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  • Writer's pictureKatrine Lyngsø

Exchange Season in Seoul

After years of saving, applying and patiently waiting for the day to come to finally move across the world, I can finally call Seoul my temporary home for four months.

South Korea is much more than the home of K-pop, Soju, Samsung and Taekwondo, and I’m on a mission to learn as much as possible about the nation’s complex history, culture and political scene while I’m here. ROOTLESS Podcast Season 3 will be an educational journey for me in this exact pursuit.

Korea has successfully managed to become a democracy and an industrial leader within just four decades. Such a social, political and industrial shift is a complex process. The implementation is most successful under certain social and cultural conditions, which is Korea’s case comes from a large middle class working hard and determined leadership.

Although the economic position here competes with the western countries' I’ve previously lived in, the social and cultural conditions seems worlds apart. The Confucian norms from Korea’s long past of dynasties are still deeply rooted in families and institutions. Confucian norms are a big part of shaping the interactions, traditions and hierarchies in basic human relationships and institutions. It lays the groundwork for the overall social capital in Korea and plays a huge role in people’s unwillingness to individually express themselves. But movements are growing across the country like the LGBT community which continues to show its growing prominence each summer with their pride parades. Opposite is the religious movement, the Christian in particular with conservative and powerful influence on the political scene.

Simultaneously, confucian societies tend to have enviably few family breakdowns potentially caused by the unbreakable ties to their affective networks. This is one of the factors that contributes to the low rates of homeless people on the Korean streets.

In Western societies where citizens’ individual expression is greater, homelessness rates are higher because families and communities aren’t equally as responsible for members that don’t adhere the collective expectations. Simultaneously individuals are not willing to cover or change their unpopular beliefs, which results in collective estrangement and the loss of their support network potentially leading to homelessness.

Women’s place in society has long been inferior to men's but on the surface gander equality has been achieved as a result of the intense modernisation. Korean women are educated and ambitious, but the truth hidden in Korea’s historically low birth rate reveals how women are still victims of discrimination. Pregnant women have no security and rights the way I’m accustomed to from my Danish upbringing.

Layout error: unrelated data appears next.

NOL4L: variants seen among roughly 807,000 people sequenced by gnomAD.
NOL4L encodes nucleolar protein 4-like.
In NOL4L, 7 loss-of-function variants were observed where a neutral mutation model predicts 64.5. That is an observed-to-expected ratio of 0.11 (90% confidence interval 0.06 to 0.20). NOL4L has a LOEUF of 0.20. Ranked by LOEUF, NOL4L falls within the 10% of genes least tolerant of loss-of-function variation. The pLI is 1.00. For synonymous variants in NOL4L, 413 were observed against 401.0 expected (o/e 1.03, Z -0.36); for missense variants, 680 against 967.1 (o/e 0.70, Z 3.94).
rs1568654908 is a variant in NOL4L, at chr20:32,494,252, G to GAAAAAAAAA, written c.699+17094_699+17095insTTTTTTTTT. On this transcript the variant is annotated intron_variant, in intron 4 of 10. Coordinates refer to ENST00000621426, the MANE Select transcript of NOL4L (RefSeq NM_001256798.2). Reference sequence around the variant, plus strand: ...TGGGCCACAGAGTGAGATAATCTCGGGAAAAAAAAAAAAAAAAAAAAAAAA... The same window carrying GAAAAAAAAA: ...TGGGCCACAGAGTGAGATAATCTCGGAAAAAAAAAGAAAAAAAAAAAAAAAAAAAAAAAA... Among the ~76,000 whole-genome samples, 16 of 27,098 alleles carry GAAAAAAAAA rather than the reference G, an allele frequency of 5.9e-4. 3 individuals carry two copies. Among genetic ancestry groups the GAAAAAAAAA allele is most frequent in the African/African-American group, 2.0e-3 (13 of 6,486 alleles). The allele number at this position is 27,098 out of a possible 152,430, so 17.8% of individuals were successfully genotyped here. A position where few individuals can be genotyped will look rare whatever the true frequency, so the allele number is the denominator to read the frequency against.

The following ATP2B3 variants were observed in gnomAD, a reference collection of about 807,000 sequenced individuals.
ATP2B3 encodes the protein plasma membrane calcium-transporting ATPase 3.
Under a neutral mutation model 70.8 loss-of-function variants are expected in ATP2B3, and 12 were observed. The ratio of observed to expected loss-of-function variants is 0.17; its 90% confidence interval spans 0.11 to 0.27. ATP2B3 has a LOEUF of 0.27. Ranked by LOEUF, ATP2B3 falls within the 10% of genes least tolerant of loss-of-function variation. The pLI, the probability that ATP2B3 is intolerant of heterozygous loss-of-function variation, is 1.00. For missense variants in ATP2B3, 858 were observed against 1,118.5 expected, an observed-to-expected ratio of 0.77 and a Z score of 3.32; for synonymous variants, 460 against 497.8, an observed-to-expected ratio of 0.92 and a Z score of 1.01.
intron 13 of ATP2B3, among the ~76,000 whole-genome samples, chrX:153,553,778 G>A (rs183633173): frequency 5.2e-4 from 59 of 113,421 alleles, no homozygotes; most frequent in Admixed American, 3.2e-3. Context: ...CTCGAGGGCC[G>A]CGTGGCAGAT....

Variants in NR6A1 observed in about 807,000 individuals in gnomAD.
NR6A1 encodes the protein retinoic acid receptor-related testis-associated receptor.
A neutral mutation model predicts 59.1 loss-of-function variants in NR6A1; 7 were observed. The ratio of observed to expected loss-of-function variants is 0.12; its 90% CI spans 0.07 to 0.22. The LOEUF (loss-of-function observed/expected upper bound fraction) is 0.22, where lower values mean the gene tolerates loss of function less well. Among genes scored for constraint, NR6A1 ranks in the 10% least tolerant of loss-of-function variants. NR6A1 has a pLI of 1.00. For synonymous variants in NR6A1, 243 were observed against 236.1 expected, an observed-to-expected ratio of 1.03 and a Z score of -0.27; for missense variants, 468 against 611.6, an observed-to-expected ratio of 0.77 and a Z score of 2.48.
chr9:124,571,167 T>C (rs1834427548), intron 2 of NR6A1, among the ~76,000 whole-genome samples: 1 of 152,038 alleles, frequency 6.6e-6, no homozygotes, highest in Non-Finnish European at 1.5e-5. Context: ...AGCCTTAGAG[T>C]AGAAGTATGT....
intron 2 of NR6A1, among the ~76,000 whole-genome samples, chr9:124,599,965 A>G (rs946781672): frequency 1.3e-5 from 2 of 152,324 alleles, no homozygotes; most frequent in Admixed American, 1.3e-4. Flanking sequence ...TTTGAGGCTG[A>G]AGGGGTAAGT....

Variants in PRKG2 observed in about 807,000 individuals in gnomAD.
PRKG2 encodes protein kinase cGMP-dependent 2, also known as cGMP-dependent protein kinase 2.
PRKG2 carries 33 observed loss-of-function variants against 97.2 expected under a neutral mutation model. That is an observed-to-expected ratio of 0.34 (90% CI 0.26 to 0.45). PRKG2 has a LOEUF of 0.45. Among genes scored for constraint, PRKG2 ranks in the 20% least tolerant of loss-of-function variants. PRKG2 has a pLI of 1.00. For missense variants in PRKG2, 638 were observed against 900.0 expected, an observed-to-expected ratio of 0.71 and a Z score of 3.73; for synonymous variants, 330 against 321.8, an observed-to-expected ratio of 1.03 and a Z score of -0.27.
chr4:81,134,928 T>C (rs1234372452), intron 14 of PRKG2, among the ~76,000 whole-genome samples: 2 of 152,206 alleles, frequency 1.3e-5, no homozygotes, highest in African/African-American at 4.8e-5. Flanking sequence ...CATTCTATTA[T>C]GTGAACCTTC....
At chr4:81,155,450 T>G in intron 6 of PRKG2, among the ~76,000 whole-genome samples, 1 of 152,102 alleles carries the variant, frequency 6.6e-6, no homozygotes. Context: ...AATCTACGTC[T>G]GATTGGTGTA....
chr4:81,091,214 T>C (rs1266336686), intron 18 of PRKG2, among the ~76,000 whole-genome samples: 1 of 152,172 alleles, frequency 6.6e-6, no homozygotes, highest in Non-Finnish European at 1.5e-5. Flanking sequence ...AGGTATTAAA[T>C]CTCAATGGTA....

Women are continuously prioritising their careers because it doesn’t seem compatible with motherhood, as the conditions in working environments and care institutions will disadvantage a mother's professional success.

The generational divide in the country is one I’ve never witnessed before, with the younger generations opening up to western and liberal ideologies in direct dispute with the main cohort of the older generations.

For example, in the last decade the Korean society has been opening up to the LGBT community and their demand for legislative protection, however a big part of the conservative attitudes remains in families and institutions. The increased public debate and awareness is gradually helping the topic become less taboo, but the older generation remain in opposition to the community’s progression.

Koreans have been taught since elementary school that live in an “ethnically homogeneous” country to their own benefit, whereas I’ve grown up being taught that diversity is key for innovation and equality. Living in Korea as a Western women, I experience nothing but openness, kindness and respect from all strangers, but many older Koreans remain relatively closed-off to the idea of mingling with foreigners the country is gradually transforming into a multicultural society. Since the populations in East Asia are shrinking so fast some social scientists have even debated possible eventual extinction of their civilisations. South Korea is opening itself to more immigrants than ever before in order tackle demographic declines driven by low birth-rate.

As an exchange student in Social and Political Science, South Korea is probably one of the most interesting societies to study. I already wish I could stay for a few years to get a real in-depth picture and fully learn conversational Korean.

Sadly my time is limited but I am trying as much as possible to absorb as much knowledge and as many experiences as possible while I’m here.

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